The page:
As one of the most popular travel destinations in Europe, Spain is an incredibly diverse country packed with plenty of attractions, sights and culture to indulge in. Whether you are visiting the inland mountains, lounging around at a beach resort or exploring the country side, hiring a car is a cheap and practical way to explore Spain. The scenic landscape along the way make the roadtrip a worthwhile one. The costs of car rental are affordable, which means you get to do a lot of sightseeing without breaking your budget.
Prices and Standard of Vehicles
Which type of vehicle should you choose? This largely depends on what you plan to do – the activities involved and distance to be covered. If you are just going to explore major Spanish cities, you can hire a compact car which is both practical and economic in terms of fuel consumption. If you prefer to go out on the road and explore the countryside, it’s advisable to choose a family car (so a slightly bigger car) or even a 4×4 if you fancy doing some extreme driving.
Please note that prices can vary according to the driver’s age (the lower the age, the higher the price). Obviously prices vary between companies so make sure to do some search before you decide on the company.
An economy or compact car can be hired for about â‚¬50 per day in Barcelona (pick up at the airport) during the high season (July and August). If you plan to visit the coast and want to hire a car in Alicante, prices are very low compared to Barcelona as an economy car would cost about â‚¬30 per day.
The standard of hire vehicles is usually rather high, most of them are first-hand continental cars. Most Spaniards still drive manual operated vehicles, so make sure that you are familiar with driving the stick before hiring the car. Alternatively, you can simply pay a surcharge to rent an automatic vehicle.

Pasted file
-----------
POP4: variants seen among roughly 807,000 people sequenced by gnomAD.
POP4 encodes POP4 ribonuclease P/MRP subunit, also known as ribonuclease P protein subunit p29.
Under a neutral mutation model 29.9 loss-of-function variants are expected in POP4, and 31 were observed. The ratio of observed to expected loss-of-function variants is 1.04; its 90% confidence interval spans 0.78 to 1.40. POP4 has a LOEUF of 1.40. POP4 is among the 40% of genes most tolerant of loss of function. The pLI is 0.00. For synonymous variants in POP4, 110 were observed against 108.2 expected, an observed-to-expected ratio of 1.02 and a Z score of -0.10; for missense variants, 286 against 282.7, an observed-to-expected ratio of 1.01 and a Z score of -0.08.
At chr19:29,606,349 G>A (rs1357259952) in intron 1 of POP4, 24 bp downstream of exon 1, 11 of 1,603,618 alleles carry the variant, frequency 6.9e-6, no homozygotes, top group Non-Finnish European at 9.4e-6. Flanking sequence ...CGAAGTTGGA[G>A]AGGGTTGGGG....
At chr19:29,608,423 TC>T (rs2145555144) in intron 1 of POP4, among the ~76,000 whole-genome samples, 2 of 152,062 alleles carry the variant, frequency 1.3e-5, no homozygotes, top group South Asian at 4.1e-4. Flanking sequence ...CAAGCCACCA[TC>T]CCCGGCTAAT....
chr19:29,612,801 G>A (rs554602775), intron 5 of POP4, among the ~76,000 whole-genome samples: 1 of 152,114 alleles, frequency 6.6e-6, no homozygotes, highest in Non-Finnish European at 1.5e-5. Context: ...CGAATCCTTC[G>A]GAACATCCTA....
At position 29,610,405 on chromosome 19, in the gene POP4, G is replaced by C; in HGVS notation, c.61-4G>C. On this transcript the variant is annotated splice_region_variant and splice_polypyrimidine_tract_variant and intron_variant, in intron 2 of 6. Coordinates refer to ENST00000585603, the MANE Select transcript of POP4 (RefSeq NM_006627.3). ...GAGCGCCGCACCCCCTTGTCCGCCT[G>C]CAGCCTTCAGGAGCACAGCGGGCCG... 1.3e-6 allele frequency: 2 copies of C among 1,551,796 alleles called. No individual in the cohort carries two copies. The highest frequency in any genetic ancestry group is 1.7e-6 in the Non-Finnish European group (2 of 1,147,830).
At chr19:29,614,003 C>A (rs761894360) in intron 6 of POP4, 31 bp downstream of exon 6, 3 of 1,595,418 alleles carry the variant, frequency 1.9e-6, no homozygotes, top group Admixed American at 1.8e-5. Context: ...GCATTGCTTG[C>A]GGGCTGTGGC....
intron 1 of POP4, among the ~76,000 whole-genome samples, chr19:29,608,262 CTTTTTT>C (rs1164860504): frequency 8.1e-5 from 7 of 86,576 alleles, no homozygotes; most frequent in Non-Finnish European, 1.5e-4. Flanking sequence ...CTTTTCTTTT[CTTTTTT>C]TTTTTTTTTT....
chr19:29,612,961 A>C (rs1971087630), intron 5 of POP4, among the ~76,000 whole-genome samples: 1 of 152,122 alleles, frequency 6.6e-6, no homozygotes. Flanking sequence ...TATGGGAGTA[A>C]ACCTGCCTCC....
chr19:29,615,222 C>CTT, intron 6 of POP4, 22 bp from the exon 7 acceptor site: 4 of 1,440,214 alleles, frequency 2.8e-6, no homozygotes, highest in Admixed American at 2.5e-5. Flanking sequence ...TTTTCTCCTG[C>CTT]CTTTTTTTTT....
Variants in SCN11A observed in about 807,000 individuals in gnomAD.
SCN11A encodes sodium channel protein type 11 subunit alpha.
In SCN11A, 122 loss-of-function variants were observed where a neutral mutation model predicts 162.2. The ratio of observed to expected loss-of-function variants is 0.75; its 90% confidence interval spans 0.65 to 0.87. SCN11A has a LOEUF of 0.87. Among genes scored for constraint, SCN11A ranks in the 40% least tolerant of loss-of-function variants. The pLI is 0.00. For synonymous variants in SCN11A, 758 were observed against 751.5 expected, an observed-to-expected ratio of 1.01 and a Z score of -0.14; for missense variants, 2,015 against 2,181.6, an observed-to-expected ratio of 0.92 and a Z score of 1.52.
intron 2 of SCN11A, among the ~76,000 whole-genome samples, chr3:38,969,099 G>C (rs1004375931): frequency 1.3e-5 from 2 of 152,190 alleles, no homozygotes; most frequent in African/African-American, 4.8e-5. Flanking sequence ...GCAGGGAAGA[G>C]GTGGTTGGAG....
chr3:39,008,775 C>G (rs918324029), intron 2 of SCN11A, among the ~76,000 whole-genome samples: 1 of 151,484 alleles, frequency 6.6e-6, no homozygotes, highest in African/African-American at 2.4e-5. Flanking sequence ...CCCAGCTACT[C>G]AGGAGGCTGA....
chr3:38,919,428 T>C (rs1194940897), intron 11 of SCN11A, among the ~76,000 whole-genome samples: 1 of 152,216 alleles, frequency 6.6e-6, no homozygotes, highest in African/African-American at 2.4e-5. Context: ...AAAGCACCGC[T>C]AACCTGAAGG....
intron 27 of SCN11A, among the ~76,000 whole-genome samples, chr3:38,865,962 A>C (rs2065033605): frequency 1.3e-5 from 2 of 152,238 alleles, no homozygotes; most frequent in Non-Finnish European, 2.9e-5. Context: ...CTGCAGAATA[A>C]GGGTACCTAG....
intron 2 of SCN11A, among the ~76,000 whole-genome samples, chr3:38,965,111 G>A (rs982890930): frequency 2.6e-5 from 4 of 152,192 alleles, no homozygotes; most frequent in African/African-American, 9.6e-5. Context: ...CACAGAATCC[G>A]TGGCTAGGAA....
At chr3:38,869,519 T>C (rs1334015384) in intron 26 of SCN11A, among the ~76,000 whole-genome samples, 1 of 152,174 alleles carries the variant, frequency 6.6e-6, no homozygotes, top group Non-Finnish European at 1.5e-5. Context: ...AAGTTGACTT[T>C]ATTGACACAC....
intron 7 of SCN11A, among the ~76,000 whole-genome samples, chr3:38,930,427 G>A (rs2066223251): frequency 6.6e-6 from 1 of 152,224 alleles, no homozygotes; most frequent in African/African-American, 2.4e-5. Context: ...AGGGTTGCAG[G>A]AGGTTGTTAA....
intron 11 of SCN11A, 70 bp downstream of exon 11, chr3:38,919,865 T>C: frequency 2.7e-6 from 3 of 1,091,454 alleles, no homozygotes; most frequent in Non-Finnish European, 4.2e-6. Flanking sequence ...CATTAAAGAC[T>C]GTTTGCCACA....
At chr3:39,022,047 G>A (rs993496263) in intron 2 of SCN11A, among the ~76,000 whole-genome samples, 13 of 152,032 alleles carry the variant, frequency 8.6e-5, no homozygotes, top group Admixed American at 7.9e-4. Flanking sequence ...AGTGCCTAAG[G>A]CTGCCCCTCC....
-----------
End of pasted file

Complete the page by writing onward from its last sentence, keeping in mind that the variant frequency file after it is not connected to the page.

Some cheap car hire companies in Spain are:
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Driving in Spain
If you come from a European Union country and want to drive your own car in Spain make sure to always have with you: your passport (valid until you return home, at least), driving license (ideally one having the EU symbols on it), two EU approved red warning triangles, approved reflective jackets that have to be worn by all outside the car at any time of the day, a set of spare lamps for the car and the tools to change them, a spare pair of glasses if you wear any, valid insurance, your number plate should bare the EU signs and all vehicle papers. First Aid kits are not mandatory but are recommended.
If you come from a non-EU country and want to drive your own car in Spain, you must an International Driving License.
Roads, signs and speed limits
The roads in Spain range from poor countryside unpaved roads to very good high-speed expressways. Road works are constantly in progress to improve the road standards, if you’re not very confident with your driving skills, stick to the main motorways.
There are several types of roads in Spain:
- Autopista (motorway) marked on the map with A or E; some are toll roads; the maximum speed limit is 120 kmph / 73 mph.
- Autovia which is a dual carriageway; maximum speed limits range between 80 kmph / 50 mph to 110 kmph / 68 mph.
- Carretera Nacional is a main road marked with C or CN on the map; the maximum speed limits range from 60 kmph / 37 mph to 100 kmph / 62 mph.
- Carretera Local (highway): the speed limits are marked on the signs but usually are below 100 kmph / 62 mph
Give way to the traffic from the left, unless signed differently. This is especially important on roundabouts. All the passengers must wear seatbelts. Don’t drink and drive as the penalties can range from high fine to imprisonment (the legal limit is currently 0.5 g per liter of air using a breathalyzer). You are not allowed to have a radar speed detector in your car, let alone use one. You are not allowed to use your hand held mobile phone while driving or while on the side of the road but you can use the hands-free set. All fines are payable “on the spot”.
If you park illegally you will be victim of the tow truck so make sure to look for parking spaces marked in blue, make sure to pay for parking and never park on yellow marked spaces. Getting your car back is not cheap or easy (especially if you don’t speak Spanish). It’s advisable to look for underground parking where it exists.
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